The Gates of Slumber Interview: Born of Steel in a World of Plastic

This one's in color. The rest are not. (Photo by S. Scott Hunter)Indianapolis trad doomers The Gates of Slumber have their sound in the key of epic. On their latest album and first for Rise Above Records, Hymns of Blood and Thunder (reviewed here), the trio craft a heavy metal classic in the grand tradition of both the grand and the traditional. Guitarist/vocalist Karl Simon, bassist Jason McCash and drummer “Iron” Bob Fouts capitalize in every way on the success of 2008’s Conqueror, as though this album were built on the foundation of its predecessor. As Simon reveals in the extensive interview below, in many ways it was.

Speaking of revelations (no, this isn’t a Christian thing), at the very beginning of our interview, in what would normally be mundane cordialities not worth printing, Simon and I wound up discussing how he makes his living. Given the noble nature of his work and the fact that I think it’s an interesting read, it’s staying in. You can decide the relevance for yourself.

In either case, please enjoy the Q&A after the jump.

Okay, this one's in color too. Doesn't count.?What do you do?

I work with a mentally handicapped adult. He?s got severe autism and basically I just hold the fort down overnight and make sure that if he does wake up he knows he?s in a secure environment, because he?s only been living on his own for a short time. Before that he was with his parents. His parents are ridiculously well-to-do, so they bought him a house. It?s a living (laughs). A cool job.

So it?s in-home care?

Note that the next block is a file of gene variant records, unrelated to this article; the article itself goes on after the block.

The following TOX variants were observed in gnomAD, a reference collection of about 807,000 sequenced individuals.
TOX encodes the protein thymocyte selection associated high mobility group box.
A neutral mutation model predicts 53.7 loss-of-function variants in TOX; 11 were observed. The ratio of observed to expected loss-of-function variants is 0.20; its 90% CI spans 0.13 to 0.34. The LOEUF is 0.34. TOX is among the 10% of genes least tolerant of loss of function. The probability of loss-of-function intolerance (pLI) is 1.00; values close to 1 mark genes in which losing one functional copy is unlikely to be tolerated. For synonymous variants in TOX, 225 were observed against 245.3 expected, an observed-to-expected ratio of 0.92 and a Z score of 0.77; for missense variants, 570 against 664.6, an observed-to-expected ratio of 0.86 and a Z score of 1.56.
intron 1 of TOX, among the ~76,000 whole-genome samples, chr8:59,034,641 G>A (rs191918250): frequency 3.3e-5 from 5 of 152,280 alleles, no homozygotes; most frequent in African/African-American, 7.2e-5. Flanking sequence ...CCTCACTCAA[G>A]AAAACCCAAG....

Basically. I do more than that. I do life-skills training and some behavior management, but mostly with this guy I basically just help him to make the right choices in the morning, help him make his breakfast, help him make his bed, direct him through hygiene and all that stuff. Drive him to his day program. I?m kind of a security blanket in case there was to be an electrical fire at four a.m. or something, I?m the one who?s supposed to get him out of the house. If he wakes up afraid, I reassure him, ?Alright, you?re still at home, bud. Everything?s cool, go back to sleep.? In the morning, he gets up on his own and I just direct him. He?s got OCD, so I try to keep him motivated (laughs) to move along and not get stuck on whether or not the stuff on his bureau is arranged properly. Get him moving.

That?s really interesting. How did you get into that?

God, I just kind of fell into it maybe 10 years ago. Before then I?d just done odd jobs. Anything. I was living in Cleveland at the time and my roommate?s girlfriend was a manager at a group home and I was out of work and she?s like, ?Well, we could always use people,? and I just kind of fell into it (laughs). It stuck. It?s a cool gig in that you can feel good at the end of the shift that you?ve really made a difference in somebody?s life. And also, I?ve got a little bit of that old punk rock thing in me that it?s helping work with underrepresented people. And they are. The mentally handicapped are still a pretty marginalized group. I feel pretty positive doing that.

Good for you, man. I applaud you.